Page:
Last year also saw fewer businesses being rescued via administration - the lowest annual number since 2003. Perhaps inevitably, given the withdrawal of many support measures, this process aimed at ‘business rescue’ was not on the agenda for many companies, with many choosing a terminal insolvency process (like liquidation) instead or perhaps continuing to limp along for now.
Turning to what lies ahead for 2022, the widely held expectation is that company insolvencies of all types will increase. This is certainly true when one compares the quarterly insolvency statistics from Q4 2021 against Q3 2021.
This view is based on the premise that the shackles which have prevented stakeholders from putting pressure on companies will soon be firmly off. In particular, the partial restrictions on creditors issuing winding up petitions against companies for unpaid debts continue until 31 March 2022. Until then, the debt threshold for a winding up petition remains at £10,000 or more, and creditors must seek proposals for payment from a debtor business, giving them 21 days for a response, before proceeding with a winding up action.
Landlords remain particularly hamstrung as commercial rents are excluded debts under the current regime, meaning they are unable to issue winding up petitions against tenants for unpaid rents. Moreover, the restrictions on forfeiture for non-payment of rents and the use of the commercial rent arrears recovery process continue until 25 March 2022. The thinking therefore goes that once we’re past March, it will be fair game for creditors.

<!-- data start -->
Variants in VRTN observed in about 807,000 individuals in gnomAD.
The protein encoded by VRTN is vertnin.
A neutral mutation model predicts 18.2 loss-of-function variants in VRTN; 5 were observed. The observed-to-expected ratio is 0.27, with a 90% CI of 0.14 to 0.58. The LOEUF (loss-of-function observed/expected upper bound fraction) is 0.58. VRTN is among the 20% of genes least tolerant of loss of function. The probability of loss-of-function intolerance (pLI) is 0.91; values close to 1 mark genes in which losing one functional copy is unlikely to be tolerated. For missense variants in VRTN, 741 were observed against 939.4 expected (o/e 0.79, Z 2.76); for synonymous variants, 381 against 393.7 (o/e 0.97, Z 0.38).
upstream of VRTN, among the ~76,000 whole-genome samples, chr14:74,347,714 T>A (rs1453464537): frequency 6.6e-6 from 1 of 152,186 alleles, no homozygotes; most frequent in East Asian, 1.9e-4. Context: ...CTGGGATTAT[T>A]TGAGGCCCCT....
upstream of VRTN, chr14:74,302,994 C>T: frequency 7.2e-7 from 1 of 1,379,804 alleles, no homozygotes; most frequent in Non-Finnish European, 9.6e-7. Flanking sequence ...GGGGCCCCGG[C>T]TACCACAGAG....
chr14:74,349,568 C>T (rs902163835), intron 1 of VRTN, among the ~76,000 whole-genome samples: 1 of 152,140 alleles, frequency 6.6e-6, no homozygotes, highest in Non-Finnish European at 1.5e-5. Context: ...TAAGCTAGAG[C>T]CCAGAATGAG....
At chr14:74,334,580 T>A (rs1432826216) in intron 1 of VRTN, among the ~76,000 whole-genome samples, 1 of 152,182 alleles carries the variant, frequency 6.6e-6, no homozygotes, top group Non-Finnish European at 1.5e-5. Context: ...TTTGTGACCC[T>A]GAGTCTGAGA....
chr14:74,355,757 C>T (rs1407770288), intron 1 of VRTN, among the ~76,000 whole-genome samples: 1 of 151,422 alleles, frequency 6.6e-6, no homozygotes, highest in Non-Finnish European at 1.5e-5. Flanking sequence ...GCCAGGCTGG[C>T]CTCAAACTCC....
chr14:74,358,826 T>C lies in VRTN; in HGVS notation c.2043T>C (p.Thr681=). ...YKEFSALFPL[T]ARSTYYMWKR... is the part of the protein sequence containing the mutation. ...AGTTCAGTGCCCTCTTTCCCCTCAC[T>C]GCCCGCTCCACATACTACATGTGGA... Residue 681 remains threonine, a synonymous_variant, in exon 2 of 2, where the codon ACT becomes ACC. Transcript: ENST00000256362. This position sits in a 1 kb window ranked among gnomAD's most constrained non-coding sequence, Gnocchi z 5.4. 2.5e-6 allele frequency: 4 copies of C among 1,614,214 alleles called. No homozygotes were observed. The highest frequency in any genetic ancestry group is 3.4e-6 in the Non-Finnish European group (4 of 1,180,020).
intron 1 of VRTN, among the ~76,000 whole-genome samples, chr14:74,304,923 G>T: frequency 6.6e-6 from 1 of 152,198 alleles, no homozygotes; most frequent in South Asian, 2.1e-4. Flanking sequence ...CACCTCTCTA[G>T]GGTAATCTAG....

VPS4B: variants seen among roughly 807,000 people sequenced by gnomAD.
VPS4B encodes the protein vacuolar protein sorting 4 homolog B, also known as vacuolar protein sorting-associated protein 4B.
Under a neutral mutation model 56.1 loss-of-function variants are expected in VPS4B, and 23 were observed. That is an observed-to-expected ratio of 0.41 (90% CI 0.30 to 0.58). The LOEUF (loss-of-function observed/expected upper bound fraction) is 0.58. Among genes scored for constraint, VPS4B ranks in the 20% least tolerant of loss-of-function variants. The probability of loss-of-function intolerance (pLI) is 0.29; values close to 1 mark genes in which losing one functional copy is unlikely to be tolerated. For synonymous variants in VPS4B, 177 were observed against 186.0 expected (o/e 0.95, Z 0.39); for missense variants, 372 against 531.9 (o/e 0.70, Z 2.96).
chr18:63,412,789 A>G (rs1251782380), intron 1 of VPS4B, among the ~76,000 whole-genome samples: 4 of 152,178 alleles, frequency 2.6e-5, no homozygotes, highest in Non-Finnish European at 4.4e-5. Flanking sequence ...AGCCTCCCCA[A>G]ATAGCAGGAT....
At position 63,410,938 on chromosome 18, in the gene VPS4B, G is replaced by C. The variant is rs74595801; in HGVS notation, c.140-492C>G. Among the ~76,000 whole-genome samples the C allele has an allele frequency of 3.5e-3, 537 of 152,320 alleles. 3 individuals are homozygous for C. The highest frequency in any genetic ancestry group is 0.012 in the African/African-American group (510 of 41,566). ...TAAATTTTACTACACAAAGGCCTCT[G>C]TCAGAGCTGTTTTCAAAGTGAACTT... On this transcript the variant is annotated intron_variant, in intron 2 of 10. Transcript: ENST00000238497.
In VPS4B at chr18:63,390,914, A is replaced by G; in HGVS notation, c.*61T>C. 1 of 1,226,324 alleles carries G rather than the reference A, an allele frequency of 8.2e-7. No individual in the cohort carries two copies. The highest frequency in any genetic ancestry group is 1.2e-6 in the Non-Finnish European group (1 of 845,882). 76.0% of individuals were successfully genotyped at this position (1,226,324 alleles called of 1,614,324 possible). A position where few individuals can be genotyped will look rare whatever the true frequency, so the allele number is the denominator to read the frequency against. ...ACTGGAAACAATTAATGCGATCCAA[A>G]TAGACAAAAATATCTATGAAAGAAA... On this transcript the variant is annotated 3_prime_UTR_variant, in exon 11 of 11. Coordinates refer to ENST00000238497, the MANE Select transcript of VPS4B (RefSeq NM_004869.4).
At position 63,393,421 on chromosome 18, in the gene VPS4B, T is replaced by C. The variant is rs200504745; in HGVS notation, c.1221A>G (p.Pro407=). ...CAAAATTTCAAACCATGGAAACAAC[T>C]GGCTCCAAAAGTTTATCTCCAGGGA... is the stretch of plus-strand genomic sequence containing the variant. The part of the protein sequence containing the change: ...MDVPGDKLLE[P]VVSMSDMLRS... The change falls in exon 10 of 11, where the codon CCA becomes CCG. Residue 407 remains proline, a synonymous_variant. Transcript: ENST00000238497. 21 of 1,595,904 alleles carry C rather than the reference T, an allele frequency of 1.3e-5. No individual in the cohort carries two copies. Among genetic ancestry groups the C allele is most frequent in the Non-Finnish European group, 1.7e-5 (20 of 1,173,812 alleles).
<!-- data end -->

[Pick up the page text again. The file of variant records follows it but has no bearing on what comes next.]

Businesses also face other challenges, including rising interest rates, inflation and import costs. One cannot predict with certainty what this means for insolvency rates (many insolvency practitioners anticipated a much busier pandemic than proved to be the case). That said, many creditors had their patience firmly tested during the pandemic and may now be in a less forgiving mood.
Managing solvency issues
How can businesses manage their creditors if they start circling with greater agitation?
Firstly, burying one’s head in the sand and hoping for divine intervention seems increasingly unrealistic, especially since the government seems to have lost its appetite for helping struggling businesses. This was evident from the recent energy crisis, with only Bulb Energy attracting any kind of government support.